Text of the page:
When Ben Bernanke said that today's economy is "unusually uncertain," he wasn't kidding. Consider these two quotes:

"The Economy Is Getting Killed by Too Much Productivity"
-- Business Insider, May 2010

"Productivity fell unexpectedly in the second quarter ... reflecting a slowing economy."
-- Associated Press, August 2010                  

This is why economics is considered an art, not a science. Nobody can agree on which way is up or down, but everyone tries. That includes me. I'm going to try to spend the next 90 seconds convincing you that the fall in labor productivity is unequivocally a good thing.

The big squeeze
Labor productivity is how much output companies can squeeze out of each worker, and it's exploded over the past year. This would usually be seen as a good thing, suggesting technological advancement and newfound synergies. Not this time.

Most economists agree that the recent productivity boom resulted from a push to sacrifice workers, in order to keep short-term profits intact amid falling sales. (I can't prove it, but I imagine this trend has blossomed as more executive pay gets tied to stock options.) This is part of the reason why corporate profits have rebounded to all-time highs, even as unemployment hovers around its own multidecade highs. Businesses have learned to make do with less.

But the tide is beginning to turn, with productivity sliding 0.9% in the second quarter. In general, I'd call that good news. This chart should help explain why:

Source: Federal Reserve Bank of St. Louis, author's calculations.

Notice that productivity peaks tend to coincide with unemployment peaks. After all, there's only so much output you can squeeze out of employees. Once they're burnt out, employers have to hire more workers to expand. Thus, history suggests that high productivity is a sign of future hiring.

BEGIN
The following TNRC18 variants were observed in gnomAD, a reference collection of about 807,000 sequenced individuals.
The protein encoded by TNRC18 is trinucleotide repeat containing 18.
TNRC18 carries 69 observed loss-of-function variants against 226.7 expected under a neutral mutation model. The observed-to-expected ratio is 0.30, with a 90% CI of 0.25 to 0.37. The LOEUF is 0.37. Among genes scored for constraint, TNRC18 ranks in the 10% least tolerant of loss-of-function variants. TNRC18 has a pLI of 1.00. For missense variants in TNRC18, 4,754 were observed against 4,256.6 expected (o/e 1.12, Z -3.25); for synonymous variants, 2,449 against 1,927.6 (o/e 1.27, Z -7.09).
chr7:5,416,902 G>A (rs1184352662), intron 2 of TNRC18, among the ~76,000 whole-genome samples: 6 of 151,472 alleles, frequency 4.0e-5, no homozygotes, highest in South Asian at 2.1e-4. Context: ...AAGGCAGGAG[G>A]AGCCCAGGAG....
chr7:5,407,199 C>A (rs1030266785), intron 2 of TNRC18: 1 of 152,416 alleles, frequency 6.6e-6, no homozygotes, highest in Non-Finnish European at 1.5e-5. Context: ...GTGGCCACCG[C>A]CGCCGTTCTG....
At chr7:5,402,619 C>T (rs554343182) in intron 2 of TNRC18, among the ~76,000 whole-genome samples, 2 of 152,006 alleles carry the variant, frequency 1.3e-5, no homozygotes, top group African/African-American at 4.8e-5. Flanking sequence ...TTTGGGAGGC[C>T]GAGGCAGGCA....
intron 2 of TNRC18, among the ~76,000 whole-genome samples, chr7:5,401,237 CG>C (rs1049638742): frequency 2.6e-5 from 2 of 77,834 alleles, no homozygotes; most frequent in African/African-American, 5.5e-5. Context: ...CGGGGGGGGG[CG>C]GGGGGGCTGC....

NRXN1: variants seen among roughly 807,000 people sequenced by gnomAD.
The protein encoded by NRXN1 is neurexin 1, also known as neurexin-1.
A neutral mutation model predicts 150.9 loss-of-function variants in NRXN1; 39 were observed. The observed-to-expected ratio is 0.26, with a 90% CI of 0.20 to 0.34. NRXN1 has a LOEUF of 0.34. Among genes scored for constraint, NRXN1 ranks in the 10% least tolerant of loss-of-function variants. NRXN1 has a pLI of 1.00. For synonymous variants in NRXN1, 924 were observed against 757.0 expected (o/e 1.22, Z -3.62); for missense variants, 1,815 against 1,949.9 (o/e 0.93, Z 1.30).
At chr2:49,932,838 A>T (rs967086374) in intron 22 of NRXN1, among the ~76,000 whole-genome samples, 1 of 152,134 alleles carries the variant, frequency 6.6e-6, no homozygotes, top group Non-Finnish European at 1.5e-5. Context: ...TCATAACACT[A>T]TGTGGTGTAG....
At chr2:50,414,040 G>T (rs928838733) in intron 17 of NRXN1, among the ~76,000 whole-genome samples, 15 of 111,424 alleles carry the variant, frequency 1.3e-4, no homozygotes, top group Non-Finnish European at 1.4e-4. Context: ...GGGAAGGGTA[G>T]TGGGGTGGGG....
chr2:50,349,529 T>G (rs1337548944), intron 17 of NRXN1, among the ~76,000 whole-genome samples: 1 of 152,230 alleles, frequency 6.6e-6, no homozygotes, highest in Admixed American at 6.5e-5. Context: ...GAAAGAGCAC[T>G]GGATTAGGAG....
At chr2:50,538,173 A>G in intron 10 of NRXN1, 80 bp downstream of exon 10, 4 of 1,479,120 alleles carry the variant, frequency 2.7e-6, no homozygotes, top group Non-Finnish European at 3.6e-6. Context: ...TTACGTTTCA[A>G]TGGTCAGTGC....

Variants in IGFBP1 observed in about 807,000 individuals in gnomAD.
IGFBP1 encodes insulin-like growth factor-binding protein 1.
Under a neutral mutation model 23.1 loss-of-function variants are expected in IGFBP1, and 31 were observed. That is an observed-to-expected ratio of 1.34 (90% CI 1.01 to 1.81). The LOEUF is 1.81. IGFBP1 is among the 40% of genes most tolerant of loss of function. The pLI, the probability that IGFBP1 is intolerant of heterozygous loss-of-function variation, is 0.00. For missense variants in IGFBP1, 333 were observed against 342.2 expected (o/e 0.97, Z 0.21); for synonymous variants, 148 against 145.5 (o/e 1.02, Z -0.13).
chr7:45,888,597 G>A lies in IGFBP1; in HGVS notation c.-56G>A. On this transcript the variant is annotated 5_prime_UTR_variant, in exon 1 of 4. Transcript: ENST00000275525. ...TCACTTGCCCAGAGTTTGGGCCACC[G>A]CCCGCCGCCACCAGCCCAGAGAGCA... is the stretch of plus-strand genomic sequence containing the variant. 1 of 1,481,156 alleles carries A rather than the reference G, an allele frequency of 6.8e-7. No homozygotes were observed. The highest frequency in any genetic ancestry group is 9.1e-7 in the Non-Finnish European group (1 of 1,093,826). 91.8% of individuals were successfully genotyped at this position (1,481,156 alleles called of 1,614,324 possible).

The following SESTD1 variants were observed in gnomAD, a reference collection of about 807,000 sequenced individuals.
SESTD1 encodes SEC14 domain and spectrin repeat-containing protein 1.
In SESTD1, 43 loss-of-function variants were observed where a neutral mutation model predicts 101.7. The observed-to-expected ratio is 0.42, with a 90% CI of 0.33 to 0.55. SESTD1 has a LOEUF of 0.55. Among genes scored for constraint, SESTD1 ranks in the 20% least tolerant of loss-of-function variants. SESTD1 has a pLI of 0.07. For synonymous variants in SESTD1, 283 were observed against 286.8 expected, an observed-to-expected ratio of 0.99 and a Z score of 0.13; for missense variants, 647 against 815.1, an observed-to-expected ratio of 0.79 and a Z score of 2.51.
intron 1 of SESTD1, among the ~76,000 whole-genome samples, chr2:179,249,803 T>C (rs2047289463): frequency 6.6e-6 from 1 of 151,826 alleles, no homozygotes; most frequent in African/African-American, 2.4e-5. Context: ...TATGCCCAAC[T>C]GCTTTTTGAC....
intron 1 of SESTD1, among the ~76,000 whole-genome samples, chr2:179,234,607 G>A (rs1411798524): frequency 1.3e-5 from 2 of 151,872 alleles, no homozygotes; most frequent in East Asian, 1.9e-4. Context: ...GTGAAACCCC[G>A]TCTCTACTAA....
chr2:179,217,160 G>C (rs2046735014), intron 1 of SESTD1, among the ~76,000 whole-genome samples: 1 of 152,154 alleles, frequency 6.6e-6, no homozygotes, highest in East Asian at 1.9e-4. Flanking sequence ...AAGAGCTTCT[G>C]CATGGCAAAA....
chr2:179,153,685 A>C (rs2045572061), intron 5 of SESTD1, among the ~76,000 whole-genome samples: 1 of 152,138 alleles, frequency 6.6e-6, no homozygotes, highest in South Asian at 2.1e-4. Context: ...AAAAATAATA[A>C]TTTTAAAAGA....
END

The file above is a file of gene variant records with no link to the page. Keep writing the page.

So the recent productivity drop should be encouraging for the unemployed. It's a sign that the productivity boom is over, and hiring may soon pick up. Great news, right?

Depends on who you ask
At least one argument says it's not. Remember, corporate profits have held up amazingly well, thanks to productivity's ascent. Take away that tailwind, and profits might falter, too. My colleague Alex Dumortier wrote fairly convincingly about this possibility: "[T]he consequence of this recovery in profits ... is that margins now have very little upside and plenty of downside."

It's hard to argue with that. Microsoft (Nasdaq: MSFT), for example, has higher net income today than it did two years ago, even as its workforce has shrunk. Harley-Davidson (NYSE: HOG) and General Electric (NYSE: GE) have reported strong earnings on the back of falling sales, thanks to cost-cutting. How long can that last? It's a good question that elicits few bullish answers.

Still, I'm not terribly worried, thanks to a neutralizing factor that could offset the impending squeeze on profit margins. I'll call it the Henry Ford principle. When Ford Motor (NYSE: F) was in its infancy, its visionary founder came up with a beautifully simple, powerfully logical concept: Ford employees had to be able to afford the cars they were making. If they couldn't, sales (and profits) would go nowhere.

Ford solved this by instituting the $5 workday -- more than double the going rate. The company flourished. As Ford demonstrated, if low margins caused by higher labor costs can be offset by higher sales, everyone wins.

That same logic applies today. Will rising productivity compress margins? Probably. But to offset that squeeze, we'll have more newly employed workers, once again able to buy what companies are selling. That could be a win for everyone.

Fool contributor Morgan Housel doesn't own shares in any of the companies mentioned in this article. Microsoft is a Motley Fool Inside Value pick. Ford Motor is a Motley Fool Stock Advisor choice. Motley Fool Options has recommended a diagonal call position on Microsoft. Try any of our Foolish newsletter services free for 30 days. The Motley Fool has a disclosure policy.